Horse Talk

Discussion in 'Other Pets & Livestock' started by abigalerose, Feb 22, 2016.

  1. Bunnylady

    Bunnylady POOF Goes the Pooka

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    It's funny - when I compare the pictures, I see little similarity at all. The horse on the left has a narrow chest, narrow rump, shorter back, smooth muscling, cresty neck with a big jaw (even for a stud) - it has a very "Spanish" look about it (and rather than big feet, I see long feet that need a trim). The horse on the right has a broad chest, wide butt, massive muscling on relatively large bones, almost no crest on the neck at all and half again as much back (particularly in the loin) - other than them both being relatively small horses, they don't have a lot in common. [​IMG]
     
  2. abigalerose

    abigalerose Chillin' With My Peeps

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    Oh I don't take offense, I was just comparing some similarities, but I definitely don't see it as much as the lady who runs the rescue does. She was sure that he's kiger. But I highly doubt he is. I will say he definitely didn't look like the other mustangs she had, there were about 14-15 others and they just looked like.. Horses. Then he comes out with his big ole feet and pretty color and split mane, and I was like "wow, he's different than the majority of the ones I've seen!", although I haven't seen any in person from Oregon until now, so maybe that makes a difference. But, I don't understand why people don't like the big feet, I think they're adorable! And his back is weird. It looks 10 feet long in all those pictures, but in person it looked crazy short. No matter what he is or where he came from, he's one of the more interesting horses I've owned. And he was a very comfy ride. It's killing me just to wait for Saturday becuase I'm ready to start working with him. And should I be worried that he can easily jump a fence? Lol
     
  3. abigalerose

    abigalerose Chillin' With My Peeps

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    Maybe I'm just not good at comparing! I thought their bodies looked the same, but their heads looked totally different, and that's about it. But I've never been good at looking at a horse and seeing "correct conformation" and stuff like that, so I could definitely be totally off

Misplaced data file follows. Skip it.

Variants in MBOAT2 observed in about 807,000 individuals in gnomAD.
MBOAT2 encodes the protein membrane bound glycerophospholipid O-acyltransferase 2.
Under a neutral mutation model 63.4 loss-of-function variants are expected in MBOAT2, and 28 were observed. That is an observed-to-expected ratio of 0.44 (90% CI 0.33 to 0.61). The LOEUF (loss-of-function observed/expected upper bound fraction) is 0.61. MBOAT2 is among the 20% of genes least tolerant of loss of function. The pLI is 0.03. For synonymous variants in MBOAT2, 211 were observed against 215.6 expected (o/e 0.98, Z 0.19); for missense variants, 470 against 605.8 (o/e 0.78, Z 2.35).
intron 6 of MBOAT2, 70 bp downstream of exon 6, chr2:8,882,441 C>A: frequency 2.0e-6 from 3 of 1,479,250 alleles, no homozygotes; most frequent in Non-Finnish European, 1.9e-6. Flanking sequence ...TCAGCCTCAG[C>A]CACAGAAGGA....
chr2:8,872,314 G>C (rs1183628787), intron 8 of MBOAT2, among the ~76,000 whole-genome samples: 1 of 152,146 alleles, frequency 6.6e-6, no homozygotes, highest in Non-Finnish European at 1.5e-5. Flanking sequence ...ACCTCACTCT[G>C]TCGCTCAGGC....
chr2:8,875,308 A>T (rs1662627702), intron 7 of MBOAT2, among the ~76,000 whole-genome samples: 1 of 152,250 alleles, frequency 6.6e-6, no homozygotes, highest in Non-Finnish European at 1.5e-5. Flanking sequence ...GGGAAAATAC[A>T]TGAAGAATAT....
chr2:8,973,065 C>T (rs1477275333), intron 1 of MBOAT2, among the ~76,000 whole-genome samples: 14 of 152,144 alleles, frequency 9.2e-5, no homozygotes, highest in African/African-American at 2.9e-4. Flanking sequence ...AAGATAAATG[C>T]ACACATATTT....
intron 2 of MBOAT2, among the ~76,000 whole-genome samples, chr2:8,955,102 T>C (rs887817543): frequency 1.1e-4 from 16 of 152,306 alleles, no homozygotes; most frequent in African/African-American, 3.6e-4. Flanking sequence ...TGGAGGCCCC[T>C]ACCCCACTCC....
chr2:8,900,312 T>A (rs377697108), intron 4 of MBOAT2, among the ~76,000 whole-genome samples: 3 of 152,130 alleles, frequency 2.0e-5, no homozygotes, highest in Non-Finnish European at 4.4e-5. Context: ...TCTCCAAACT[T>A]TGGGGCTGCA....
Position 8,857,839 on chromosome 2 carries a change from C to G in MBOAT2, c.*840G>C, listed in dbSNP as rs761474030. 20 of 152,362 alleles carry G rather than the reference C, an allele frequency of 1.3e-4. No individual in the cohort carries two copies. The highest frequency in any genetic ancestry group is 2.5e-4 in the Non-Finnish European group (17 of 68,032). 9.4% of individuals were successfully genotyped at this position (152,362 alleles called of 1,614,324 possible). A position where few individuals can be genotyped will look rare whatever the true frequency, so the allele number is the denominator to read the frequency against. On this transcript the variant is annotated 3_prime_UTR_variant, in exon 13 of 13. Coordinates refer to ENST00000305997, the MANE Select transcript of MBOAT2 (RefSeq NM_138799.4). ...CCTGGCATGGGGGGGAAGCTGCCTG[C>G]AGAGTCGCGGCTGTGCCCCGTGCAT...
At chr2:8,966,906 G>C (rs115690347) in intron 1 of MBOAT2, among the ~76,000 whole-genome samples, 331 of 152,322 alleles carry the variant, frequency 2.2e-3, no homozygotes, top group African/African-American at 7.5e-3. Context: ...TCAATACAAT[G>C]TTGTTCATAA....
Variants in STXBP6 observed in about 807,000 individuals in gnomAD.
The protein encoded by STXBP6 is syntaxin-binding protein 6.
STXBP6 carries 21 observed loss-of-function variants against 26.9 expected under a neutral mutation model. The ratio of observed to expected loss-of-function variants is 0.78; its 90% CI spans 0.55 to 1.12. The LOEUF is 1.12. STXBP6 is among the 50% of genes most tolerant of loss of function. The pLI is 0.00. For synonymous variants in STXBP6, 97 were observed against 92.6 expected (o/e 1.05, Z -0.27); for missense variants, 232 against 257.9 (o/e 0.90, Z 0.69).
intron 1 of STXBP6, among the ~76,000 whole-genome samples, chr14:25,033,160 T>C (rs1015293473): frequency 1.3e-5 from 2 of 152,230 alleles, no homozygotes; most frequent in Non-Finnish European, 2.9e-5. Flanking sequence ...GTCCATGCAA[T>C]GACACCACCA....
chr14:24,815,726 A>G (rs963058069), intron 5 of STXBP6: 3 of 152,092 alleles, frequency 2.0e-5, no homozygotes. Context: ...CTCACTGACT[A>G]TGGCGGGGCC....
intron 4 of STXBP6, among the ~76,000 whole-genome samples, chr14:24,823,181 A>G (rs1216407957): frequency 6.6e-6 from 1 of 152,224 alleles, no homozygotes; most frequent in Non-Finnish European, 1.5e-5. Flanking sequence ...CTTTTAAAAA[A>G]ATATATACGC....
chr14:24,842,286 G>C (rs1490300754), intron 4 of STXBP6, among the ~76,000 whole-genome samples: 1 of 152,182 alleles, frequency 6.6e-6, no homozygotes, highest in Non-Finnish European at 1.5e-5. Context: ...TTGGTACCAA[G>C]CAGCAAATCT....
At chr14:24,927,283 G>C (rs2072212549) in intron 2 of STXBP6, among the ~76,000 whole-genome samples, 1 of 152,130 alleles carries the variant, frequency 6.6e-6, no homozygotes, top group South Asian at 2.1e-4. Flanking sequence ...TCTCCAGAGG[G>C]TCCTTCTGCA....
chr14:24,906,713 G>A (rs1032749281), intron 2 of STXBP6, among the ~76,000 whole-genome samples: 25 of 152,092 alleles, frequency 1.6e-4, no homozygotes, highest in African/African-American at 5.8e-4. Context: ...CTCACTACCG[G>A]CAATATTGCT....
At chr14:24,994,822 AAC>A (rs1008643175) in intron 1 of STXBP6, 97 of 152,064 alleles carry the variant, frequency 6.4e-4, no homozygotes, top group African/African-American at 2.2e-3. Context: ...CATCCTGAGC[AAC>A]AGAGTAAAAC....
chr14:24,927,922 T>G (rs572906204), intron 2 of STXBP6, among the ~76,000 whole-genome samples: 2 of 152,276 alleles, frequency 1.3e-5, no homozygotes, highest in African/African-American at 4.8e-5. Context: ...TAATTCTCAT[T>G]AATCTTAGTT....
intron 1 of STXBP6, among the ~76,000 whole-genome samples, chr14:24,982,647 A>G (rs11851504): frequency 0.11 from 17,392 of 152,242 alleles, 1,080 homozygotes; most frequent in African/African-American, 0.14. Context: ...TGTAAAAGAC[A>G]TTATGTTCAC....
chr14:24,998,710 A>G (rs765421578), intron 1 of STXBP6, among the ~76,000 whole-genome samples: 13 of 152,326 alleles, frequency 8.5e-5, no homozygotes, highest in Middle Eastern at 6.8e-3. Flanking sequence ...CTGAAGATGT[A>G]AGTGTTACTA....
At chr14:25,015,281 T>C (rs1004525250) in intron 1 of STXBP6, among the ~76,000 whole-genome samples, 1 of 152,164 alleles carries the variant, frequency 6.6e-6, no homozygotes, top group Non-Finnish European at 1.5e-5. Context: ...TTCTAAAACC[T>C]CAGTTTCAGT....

4. WallabyOfChaos

    WallabyOfChaos Chillin' With My Peeps

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    Horses are incredibly difficult to photograph. You can have a beautiful animal with near perfect conformation, and a bad camera angle can make that perfect horse look like trash. By the same token, a good camera angle and the right background setting can make a even the ugliest horse look photogenic.
     
  5. abigalerose

    abigalerose Chillin' With My Peeps

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    That's true. I use to have a seriously beautiful, pretty much perfect cremello quarter horse, but I didn't have one good picture of him
     
  6. Talithahorse

    Talithahorse Chillin' With My Peeps

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    It you really want to compare Spanish bloodlines, look at an old time Sorria (from Spain). They are the origin of most Spanish Breeds. Most of the modern breeds are more refined due to the Arab bloodlines that were infused into many breeds during the 1800's when they felt that Arab blood could improve ALL breeds. The old Spanish blood had thicker builds and were a great deal shorter than the modern Spanish breeds (14.2 is about right) The Spanish breeds come in a variety of primitive colors, most but not all have the dorsal stripe and so his color is not out of the range. Also, as you look at pictures, look for Wild Kiger's not the ones that were bred from Kiger's. The reason is that the pasture and conditions during the time they are young can have a significant effect on their final look. Research indicated that a horse can grow up to one hand taller on good pasture compared to a genetically similar/ identical horse on poor pasture. (Thus the reason Spain was invaded so often in the Middle Ages). Interesting research if you want to know more.
     
  7. abigalerose

    abigalerose Chillin' With My Peeps

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    Looking at the wild ones, I don't really think he looks like them. So, what is it that makes some mustangs look draftier than others?